During the first two months of this year, I traveled to Washington, D.C., New York City, Boston, and Cleveland to speak with alumni of the College and the Conservatory of Music. It was great meeting so many of you, and I appreciate the time you took to share your enthusiasm for Oberlin and your ideas, insights, and concerns.
In our conversations, many of you described your Oberlin days as transformative, in part because studying here exposed you to ideas, events, and people you might never have considered on your own. I’ve heard so many lovely stories about how alums first came to Oberlin as the son or daughter of well-educated, affluent parents living in New York City or Seattle, and became roommates or best friends with someone whose parents were blue-collar workers from Lorain or Chicago. Those encounters helped you to see the world from someone else’s perspective and to get the most out of your Oberlin experience.
Having a mix of young people from all socio-economic strata is critical to the success of liberal arts education in general and, in particular, to Oberlin, where inclusion and diversity are our bedrock values. That is why in my remarks to alumni I have been stressing access. I believe one of our primary tasks is to ensure that future generations of young people from every level of society have access to Oberlin’s excellence in liberal arts, science, and music.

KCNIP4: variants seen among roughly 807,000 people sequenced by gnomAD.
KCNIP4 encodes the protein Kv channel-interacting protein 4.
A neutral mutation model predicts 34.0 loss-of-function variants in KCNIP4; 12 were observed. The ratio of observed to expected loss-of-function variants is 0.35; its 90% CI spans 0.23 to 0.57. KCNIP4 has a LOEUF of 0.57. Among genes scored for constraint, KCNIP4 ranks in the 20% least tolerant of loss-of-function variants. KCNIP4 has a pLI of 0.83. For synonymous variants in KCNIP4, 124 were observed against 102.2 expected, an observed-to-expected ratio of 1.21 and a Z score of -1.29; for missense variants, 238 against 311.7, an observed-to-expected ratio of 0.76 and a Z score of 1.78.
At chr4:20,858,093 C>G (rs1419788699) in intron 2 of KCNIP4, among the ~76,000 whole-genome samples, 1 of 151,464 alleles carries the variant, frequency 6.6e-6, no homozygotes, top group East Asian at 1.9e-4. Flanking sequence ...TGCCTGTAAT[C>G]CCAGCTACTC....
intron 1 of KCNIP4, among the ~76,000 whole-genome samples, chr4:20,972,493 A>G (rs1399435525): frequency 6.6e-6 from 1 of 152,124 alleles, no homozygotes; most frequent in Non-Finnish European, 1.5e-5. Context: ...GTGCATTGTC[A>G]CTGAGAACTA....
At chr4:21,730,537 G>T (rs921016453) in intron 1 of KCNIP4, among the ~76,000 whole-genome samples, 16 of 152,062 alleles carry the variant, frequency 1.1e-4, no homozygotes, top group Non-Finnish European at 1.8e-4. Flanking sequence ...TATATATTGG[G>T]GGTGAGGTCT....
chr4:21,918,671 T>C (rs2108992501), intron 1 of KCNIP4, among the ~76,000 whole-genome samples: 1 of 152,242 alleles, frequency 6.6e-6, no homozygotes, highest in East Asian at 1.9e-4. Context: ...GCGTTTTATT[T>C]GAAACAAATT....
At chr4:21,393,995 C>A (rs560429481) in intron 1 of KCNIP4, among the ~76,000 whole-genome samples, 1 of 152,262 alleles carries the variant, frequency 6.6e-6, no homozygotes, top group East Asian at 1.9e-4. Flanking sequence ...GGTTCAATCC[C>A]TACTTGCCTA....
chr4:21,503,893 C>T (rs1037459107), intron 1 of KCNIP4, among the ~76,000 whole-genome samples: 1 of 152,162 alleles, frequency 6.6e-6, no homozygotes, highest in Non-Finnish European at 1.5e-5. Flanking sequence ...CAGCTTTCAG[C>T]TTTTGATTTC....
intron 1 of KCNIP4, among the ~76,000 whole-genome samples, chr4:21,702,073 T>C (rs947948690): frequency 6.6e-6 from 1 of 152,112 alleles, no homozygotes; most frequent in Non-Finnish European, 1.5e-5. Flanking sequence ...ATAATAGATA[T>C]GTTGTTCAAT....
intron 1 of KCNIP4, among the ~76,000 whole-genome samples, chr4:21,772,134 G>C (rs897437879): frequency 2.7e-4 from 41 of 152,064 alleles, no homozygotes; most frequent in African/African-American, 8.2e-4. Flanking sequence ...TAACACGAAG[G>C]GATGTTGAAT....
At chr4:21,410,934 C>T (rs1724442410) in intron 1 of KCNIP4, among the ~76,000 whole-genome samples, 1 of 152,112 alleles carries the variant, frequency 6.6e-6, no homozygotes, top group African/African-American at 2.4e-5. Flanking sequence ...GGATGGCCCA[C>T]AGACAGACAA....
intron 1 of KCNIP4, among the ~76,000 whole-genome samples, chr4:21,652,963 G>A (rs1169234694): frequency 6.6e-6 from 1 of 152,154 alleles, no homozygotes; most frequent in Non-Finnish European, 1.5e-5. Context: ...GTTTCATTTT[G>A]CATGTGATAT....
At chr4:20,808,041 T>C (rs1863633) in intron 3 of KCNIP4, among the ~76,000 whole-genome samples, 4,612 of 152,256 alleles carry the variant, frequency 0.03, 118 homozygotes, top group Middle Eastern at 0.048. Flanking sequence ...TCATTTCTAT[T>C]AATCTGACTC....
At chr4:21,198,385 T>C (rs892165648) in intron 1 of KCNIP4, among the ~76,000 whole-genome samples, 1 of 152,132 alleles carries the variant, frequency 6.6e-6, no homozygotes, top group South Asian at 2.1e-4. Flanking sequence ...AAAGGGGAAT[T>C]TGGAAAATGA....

Access is currently a hot topic in higher education. Oberlin is already doing more in terms of financial aid than many of its peer schools. But we need to enhance our commitment. If there was only one thing I could ask you to do, it would be to help ensure access by funding scholarships for needy students. To build on the extraordinary achievements of Oberlin’s past and present, to raise Oberlin’s national and international profile to a level commensurate with its standing as a preeminent liberal arts college and conservatory of music, we need to keep our outstanding teaching and our remarkable research opportunities open to all.
Oberlin’s spirit of inclusion and social activism, its insistence on academic and artistic excellence, and its great traditions of leadership, innovation, and creativity can be seen in our new Graduate Teacher Education Program, in Robert Lemle and Roni Kohen-Lemle’s cofounding of the Long Island Children’s Museum, and in Sarah Belchetz-Swenson’s compelling paintings, all featured in this issue.
Last but not least, I am thrilled to pass on some late-breaking news. After a nationwide search, Sean Decatur has been named dean of the College of Arts and Sciences. Sean is an outstanding leader, scholar, and teacher. He is coming to us from Mount Holyoke College, where he is associate dean of faculty for science and professor of chemistry. Professor Renee Romano, Sean’s wife, is also a superb scholar and teacher, and will join the College of Arts and Sciences faculty as an associate professor of history. Please join me in welcoming them!